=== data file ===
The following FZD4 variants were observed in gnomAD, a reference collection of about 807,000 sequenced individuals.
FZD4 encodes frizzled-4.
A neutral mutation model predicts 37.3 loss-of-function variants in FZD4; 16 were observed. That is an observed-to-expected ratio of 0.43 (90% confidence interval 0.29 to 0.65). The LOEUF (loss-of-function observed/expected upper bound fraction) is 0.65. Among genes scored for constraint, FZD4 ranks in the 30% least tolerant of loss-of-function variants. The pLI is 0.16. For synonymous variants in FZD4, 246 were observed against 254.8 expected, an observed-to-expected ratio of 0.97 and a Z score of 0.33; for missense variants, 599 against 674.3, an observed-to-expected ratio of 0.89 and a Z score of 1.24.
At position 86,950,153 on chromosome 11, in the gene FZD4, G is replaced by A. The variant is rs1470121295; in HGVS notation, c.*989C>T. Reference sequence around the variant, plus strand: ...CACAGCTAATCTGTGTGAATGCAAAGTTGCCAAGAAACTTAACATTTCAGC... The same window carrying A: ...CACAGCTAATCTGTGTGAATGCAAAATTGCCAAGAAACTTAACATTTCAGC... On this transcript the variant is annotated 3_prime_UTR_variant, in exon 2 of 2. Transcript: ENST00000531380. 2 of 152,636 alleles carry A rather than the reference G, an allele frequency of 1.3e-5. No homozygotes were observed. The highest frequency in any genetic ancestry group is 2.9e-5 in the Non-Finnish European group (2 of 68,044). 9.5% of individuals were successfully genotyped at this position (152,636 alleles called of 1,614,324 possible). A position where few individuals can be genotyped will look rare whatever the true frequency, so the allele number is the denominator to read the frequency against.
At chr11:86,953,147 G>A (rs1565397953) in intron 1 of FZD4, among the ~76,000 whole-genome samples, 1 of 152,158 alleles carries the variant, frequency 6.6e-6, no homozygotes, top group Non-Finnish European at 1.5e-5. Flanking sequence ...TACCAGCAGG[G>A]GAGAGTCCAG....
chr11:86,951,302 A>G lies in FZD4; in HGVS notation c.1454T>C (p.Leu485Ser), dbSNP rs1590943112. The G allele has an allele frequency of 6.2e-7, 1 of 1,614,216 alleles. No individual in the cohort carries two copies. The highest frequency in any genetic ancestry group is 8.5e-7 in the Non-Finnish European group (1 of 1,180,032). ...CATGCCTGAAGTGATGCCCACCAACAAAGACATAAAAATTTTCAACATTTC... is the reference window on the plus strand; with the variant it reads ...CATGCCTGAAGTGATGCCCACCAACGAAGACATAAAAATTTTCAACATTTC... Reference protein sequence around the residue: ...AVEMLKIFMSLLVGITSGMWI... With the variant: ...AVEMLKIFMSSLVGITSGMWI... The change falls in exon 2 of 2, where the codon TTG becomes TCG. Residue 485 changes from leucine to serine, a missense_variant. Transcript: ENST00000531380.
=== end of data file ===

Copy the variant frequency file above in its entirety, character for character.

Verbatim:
The following FZD4 variants were observed in gnomAD, a reference collection of about 807,000 sequenced individuals.
FZD4 encodes frizzled-4.
A neutral mutation model predicts 37.3 loss-of-function variants in FZD4; 16 were observed. That is an observed-to-expected ratio of 0.43 (90% confidence interval 0.29 to 0.65). The LOEUF (loss-of-function observed/expected upper bound fraction) is 0.65. Among genes scored for constraint, FZD4 ranks in the 30% least tolerant of loss-of-function variants. The pLI is 0.16. For synonymous variants in FZD4, 246 were observed against 254.8 expected, an observed-to-expected ratio of 0.97 and a Z score of 0.33; for missense variants, 599 against 674.3, an observed-to-expected ratio of 0.89 and a Z score of 1.24.
At position 86,950,153 on chromosome 11, in the gene FZD4, G is replaced by A. The variant is rs1470121295; in HGVS notation, c.*989C>T. Reference sequence around the variant, plus strand: ...CACAGCTAATCTGTGTGAATGCAAAGTTGCCAAGAAACTTAACATTTCAGC... The same window carrying A: ...CACAGCTAATCTGTGTGAATGCAAAATTGCCAAGAAACTTAACATTTCAGC... On this transcript the variant is annotated 3_prime_UTR_variant, in exon 2 of 2. Transcript: ENST00000531380. 2 of 152,636 alleles carry A rather than the reference G, an allele frequency of 1.3e-5. No homozygotes were observed. The highest frequency in any genetic ancestry group is 2.9e-5 in the Non-Finnish European group (2 of 68,044). 9.5% of individuals were successfully genotyped at this position (152,636 alleles called of 1,614,324 possible). A position where few individuals can be genotyped will look rare whatever the true frequency, so the allele number is the denominator to read the frequency against.
At chr11:86,953,147 G>A (rs1565397953) in intron 1 of FZD4, among the ~76,000 whole-genome samples, 1 of 152,158 alleles carries the variant, frequency 6.6e-6, no homozygotes, top group Non-Finnish European at 1.5e-5. Flanking sequence ...TACCAGCAGG[G>A]GAGAGTCCAG....
chr11:86,951,302 A>G lies in FZD4; in HGVS notation c.1454T>C (p.Leu485Ser), dbSNP rs1590943112. The G allele has an allele frequency of 6.2e-7, 1 of 1,614,216 alleles. No individual in the cohort carries two copies. The highest frequency in any genetic ancestry group is 8.5e-7 in the Non-Finnish European group (1 of 1,180,032). ...CATGCCTGAAGTGATGCCCACCAACAAAGACATAAAAATTTTCAACATTTC... is the reference window on the plus strand; with the variant it reads ...CATGCCTGAAGTGATGCCCACCAACGAAGACATAAAAATTTTCAACATTTC... Reference protein sequence around the residue: ...AVEMLKIFMSLLVGITSGMWI... With the variant: ...AVEMLKIFMSSLVGITSGMWI... The change falls in exon 2 of 2, where the codon TTG becomes TCG. Residue 485 changes from leucine to serine, a missense_variant. Transcript: ENST00000531380.